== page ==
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Nation’s Largest City Launches Initiative To Reduce Pre-Trial Incarceration

| July 9, 2015

In an effort to address the significant number of accused offenders waiting in jail before their trial date, New York City Mayor Bill de Blasio has announced a new program that reforms the city’s bail procedures for certain defendants.

According to MSNBC, New York, beginning in 2016, will spend about $18 million to divert 3,000 low-risk defendants to court supervision, in lieu of posting bail or being incarcerated before their trial. Such supervision includes regular in-person or text message “check-ins” from agents of the court, as well as possible behavioral or drug counseling, depending on the alleged offense.

It’s important to emphasize that this program targets lower-risk defendants for possible release, not those accused of more serious crimes, or those at a risk to re-offend upon release. Programs like these can ease jail populations and eventually save money, but the paramount concern must always be preserving the public safety.

Which is one such result of New York’s new initiative, states Right on Crime Director Marc Levin:

“Defendants who can keep their jobs because they’re not in jail will pose less of a threat to the public than those who end up unemployed.

Indeed. Beyond allowing these defendants to maintain employment opportunities while they await adjudication, diverting lower-risk defendants away from jail populations that also harbor more serious offenders can help prevent exposing them to a culture of criminality often found in such populations. Mixing the two together, in a perverse twist, runs the chance that the former would become a greater risk to the public later on than when they first entered the system. For obvious reasons, this is not a preferred outcome, making programs like New York’s a sensible approach towards alleviating problems in the long run.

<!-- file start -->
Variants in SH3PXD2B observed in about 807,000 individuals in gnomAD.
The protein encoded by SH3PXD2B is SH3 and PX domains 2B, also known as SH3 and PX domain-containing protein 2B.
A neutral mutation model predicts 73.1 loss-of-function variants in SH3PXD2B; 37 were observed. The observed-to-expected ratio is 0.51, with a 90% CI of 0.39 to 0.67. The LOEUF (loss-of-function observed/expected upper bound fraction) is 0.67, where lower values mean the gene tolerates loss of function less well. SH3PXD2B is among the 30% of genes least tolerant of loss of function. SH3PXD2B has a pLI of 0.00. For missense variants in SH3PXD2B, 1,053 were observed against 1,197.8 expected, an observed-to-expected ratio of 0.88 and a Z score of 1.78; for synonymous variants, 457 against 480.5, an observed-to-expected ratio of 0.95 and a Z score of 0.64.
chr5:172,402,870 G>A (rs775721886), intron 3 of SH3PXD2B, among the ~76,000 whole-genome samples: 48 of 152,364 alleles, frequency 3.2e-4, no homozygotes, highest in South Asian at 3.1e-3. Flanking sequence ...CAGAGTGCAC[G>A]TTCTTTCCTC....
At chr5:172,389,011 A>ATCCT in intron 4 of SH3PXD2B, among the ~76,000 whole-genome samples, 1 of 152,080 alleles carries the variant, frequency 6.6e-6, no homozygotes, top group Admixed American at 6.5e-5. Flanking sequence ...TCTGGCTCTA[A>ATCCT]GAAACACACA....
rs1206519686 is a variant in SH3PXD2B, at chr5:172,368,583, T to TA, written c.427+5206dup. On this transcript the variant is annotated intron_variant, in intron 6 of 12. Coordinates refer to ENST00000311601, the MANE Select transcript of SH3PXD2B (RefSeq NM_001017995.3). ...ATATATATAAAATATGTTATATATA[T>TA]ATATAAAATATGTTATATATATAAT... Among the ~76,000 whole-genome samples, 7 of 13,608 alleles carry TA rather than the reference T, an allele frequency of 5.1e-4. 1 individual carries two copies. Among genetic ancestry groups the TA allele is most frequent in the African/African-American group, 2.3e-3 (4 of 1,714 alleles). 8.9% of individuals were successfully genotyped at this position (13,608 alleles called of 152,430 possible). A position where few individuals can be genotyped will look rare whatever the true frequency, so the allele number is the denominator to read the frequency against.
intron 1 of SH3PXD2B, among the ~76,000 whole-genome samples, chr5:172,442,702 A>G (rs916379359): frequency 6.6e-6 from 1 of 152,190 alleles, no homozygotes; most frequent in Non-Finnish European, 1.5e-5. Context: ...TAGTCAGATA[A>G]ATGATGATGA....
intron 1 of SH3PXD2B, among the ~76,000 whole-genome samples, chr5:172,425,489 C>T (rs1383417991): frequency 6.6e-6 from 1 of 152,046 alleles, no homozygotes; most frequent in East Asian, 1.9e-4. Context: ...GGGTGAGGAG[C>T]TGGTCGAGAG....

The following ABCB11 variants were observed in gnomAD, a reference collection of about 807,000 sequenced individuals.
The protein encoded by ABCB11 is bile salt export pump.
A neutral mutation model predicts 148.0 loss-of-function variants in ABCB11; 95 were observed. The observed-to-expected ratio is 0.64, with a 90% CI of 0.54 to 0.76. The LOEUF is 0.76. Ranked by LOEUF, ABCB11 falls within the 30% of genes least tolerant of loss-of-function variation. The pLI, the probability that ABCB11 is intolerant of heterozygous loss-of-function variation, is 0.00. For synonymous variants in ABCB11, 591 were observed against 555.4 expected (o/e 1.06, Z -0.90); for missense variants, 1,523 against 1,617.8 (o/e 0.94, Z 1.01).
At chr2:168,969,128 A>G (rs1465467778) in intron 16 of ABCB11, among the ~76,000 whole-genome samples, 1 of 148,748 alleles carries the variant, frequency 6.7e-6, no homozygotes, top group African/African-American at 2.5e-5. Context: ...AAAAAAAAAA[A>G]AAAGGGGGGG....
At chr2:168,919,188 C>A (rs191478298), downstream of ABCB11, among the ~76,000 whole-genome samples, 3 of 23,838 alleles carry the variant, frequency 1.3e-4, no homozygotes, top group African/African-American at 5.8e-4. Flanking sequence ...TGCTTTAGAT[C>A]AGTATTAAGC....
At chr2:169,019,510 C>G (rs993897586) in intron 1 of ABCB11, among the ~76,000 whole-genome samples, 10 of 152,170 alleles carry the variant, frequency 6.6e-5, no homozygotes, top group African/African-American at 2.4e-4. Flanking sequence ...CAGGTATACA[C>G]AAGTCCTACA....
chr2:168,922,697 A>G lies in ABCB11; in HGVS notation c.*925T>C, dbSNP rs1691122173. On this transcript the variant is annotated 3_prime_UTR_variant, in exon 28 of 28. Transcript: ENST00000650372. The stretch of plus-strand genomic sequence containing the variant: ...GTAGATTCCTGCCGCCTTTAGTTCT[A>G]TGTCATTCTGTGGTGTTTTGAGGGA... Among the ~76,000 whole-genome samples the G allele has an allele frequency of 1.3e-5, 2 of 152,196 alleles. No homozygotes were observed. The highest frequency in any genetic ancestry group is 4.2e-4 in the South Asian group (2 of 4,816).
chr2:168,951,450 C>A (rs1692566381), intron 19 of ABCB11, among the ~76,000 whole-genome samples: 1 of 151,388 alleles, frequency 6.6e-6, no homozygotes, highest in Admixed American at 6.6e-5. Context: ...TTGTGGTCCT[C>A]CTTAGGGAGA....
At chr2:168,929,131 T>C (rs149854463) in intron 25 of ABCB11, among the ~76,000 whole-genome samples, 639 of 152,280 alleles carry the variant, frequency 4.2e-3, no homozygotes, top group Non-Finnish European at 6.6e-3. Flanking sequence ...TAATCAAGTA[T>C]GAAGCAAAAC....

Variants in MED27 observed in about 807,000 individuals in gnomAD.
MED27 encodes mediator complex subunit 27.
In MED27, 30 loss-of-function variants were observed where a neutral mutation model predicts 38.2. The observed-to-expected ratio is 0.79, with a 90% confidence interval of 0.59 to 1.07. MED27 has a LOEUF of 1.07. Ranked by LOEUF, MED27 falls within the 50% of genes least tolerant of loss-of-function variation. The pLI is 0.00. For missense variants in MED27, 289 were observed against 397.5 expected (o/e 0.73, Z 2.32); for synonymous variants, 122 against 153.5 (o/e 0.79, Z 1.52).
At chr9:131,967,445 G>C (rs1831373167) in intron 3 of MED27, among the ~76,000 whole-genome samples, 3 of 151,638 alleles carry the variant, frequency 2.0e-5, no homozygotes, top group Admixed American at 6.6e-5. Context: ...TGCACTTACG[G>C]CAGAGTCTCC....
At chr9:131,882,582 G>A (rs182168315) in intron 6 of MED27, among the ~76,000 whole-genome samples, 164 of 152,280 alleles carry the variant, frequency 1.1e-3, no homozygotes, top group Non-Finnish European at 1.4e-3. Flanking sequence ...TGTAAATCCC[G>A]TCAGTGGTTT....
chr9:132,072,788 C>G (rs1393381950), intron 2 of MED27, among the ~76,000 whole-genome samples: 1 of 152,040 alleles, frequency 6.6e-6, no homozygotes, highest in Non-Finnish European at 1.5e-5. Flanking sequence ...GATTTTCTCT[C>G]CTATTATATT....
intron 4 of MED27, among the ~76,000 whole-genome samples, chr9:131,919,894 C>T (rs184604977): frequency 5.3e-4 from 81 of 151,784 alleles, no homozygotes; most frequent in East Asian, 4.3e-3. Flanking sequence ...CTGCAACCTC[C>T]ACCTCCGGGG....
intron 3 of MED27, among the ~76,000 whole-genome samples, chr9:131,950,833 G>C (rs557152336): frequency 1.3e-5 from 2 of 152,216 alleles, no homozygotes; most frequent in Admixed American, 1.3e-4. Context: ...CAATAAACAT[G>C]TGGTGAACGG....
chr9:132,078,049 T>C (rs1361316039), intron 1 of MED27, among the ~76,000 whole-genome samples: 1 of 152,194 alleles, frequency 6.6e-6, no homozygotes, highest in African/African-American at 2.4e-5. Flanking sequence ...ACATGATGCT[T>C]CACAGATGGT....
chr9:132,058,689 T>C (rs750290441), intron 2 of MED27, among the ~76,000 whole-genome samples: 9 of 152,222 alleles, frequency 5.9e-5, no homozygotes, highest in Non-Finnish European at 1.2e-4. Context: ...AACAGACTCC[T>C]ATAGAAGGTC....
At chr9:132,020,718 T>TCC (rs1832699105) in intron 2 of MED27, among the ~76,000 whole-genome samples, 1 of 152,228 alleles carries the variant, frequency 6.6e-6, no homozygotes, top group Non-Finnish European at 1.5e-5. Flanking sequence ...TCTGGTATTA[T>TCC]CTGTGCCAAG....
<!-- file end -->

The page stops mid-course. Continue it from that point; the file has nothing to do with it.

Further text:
The entire MSNBC article can be found here.


MICHAEL HAUGEN is a policy analyst at the Texas Public Policy Foundation and its Right on Crime initiative.

His work for the Foundation has focused primarily on criminal justice reform topics, particularly civil forfeiture, prison reform and justice reinvestment, mens rea reform, occupational licensing, and various law enforcement and privacy issues. He’s also written about federal corporate subsidies, school choice, and gun rights.

Haugen is a graduate of Eastern Washington University, with a Bachelor of Science degree in Biology with Pre-Medicine Option, and a minor in Chemistry. He also holds an Associate of Arts degree in General Studies from North Idaho College. At EWU, he participated in academic research in a molecular microbiology laboratory for two years, investigating genetic virulence factors and pathophysiology in microbes.

His writing has appeared in National Review, The Hill, Townhall, Washington Examiner, Dallas Morning News, El Paso Times, Trib Talk, RedState, Ricochet, and Breitbart Texas.